All change: Japan clash gives revamped Hong Kong a chance to show how far they’ve come
It may sound like a strange thing to say given the opponent, but Hong Kong should enter this week’s Asia Rugby Championship match against Japan feeling less pressure than when they played South Korea two weeks ago.
Of course the opposition is harder, but the situation should be one that has the players salivating.
The game against South Korea was a must-win to show that indeed the elite rugby programme investment was reaping the necessary rewards.
That pressure was certainly evident and at times Hong Kong looked to have the weight of the world on their shoulders, particularly as their opponents came steaming back into the game late.
The ball is now officially rolling and who knows when it will stop.
There should be no such pressure this week – the expectation is not there and another loss against Japan certainly won’t be the end of the world.
As much as Hong Kong would love a win over the seemingly impenetrable Japanese at some point, it realistically isn’t expected to happen yet.
With all that in mind, the players are presented with the perfect opportunity to release the shackles and see just what they are capable of.
Japan are good, but there were some early patches against South Korea last week when the Brave Blossoms showed they have their weaknesses.
Of everything working in Hong Kong’s favour their confidence is one of the most important.
Professional sports teams cannot afford to allow self-doubt to creep in and so far this side seems to be pretty well on top of that.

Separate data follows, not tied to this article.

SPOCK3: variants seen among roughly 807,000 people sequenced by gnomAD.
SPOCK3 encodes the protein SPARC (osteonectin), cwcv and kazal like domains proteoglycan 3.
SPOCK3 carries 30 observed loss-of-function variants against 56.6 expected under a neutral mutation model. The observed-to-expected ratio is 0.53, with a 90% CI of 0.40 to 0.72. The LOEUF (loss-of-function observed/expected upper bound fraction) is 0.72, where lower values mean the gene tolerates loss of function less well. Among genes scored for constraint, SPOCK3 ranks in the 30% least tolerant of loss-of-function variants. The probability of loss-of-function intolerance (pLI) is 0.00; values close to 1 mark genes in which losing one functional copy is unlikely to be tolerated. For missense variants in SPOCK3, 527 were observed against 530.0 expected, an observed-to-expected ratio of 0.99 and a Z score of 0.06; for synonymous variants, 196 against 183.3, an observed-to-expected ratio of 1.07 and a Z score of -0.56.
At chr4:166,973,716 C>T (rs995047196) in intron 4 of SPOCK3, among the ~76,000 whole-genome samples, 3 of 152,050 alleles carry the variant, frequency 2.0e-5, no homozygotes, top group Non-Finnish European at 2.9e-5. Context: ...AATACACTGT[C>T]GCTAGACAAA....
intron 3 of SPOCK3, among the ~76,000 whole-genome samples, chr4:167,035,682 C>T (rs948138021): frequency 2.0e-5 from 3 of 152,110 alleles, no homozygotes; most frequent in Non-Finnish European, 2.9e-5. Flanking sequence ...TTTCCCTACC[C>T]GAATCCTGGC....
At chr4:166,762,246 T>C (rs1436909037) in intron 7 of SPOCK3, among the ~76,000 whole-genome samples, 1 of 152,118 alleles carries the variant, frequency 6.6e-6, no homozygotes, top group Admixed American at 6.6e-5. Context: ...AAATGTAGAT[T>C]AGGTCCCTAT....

Of course there are times in games when it may be an issue, but on the whole there is a sense of positivity.
Constant losses at the hands of Japan seem to have done little to dampen their spirits. If anything, it has increased their will to front up to the challenge.
The implementation of the elite rugby programme has the players visibly excited.
As much as coach Leigh Jones tries to keep a lid on things, it is a totally different story when speaking to the players.
The programme has provided the team with real direction and instilled a firm belief within, despite the negativity that has often plagued Hong Kong.
There has at times been talk of the group being underachievers, which is a little off the mark when you consider the limited number of players available to pick from.
While it is easy for some to say they will never catch Japan and that a Rugby World Cup birth is unrealistic, those in the inner sanctum have a much more positive, and more calculated view.
It is refreshing to see such optimism and as long as that is present, becoming a better team will be easier.
That aside, Saturday’s task will still require all the mental application and resolve Hong Kong possess to avoid a similar result to the 38-3 score line from last time around.
Jones’ decision to make wholesale changes was an interesting one, but he has assured us they are not changes “for change’s sake” and will add value to the side.
If so we can expect further improvement, but a total of 10 changes to the starting 15 that defeated South Korea a fortnight ago does raise questions of continuity.
The quality of the players coming in is certainly not in doubt, with prop Ben Higgins and centres Tyler Spitz and Ed Rolston among them.
But changing two-thirds of a side and picking up where you left off, let alone getting better, will be no mean feat.
While building depth is absolutely crucial if they are to move forward – Japan have shown already in this series the beauty of having depth – ideally you would do so while also maintaining your momentum.
Whether they can do it remains to be seen and the fact that a young Japan side has also been experimenting with their line-up will make things easier.
A competitive start is crucial to Hong Kong’s chances on the weekend – hopefully the revamped starting side is ready to deliver it.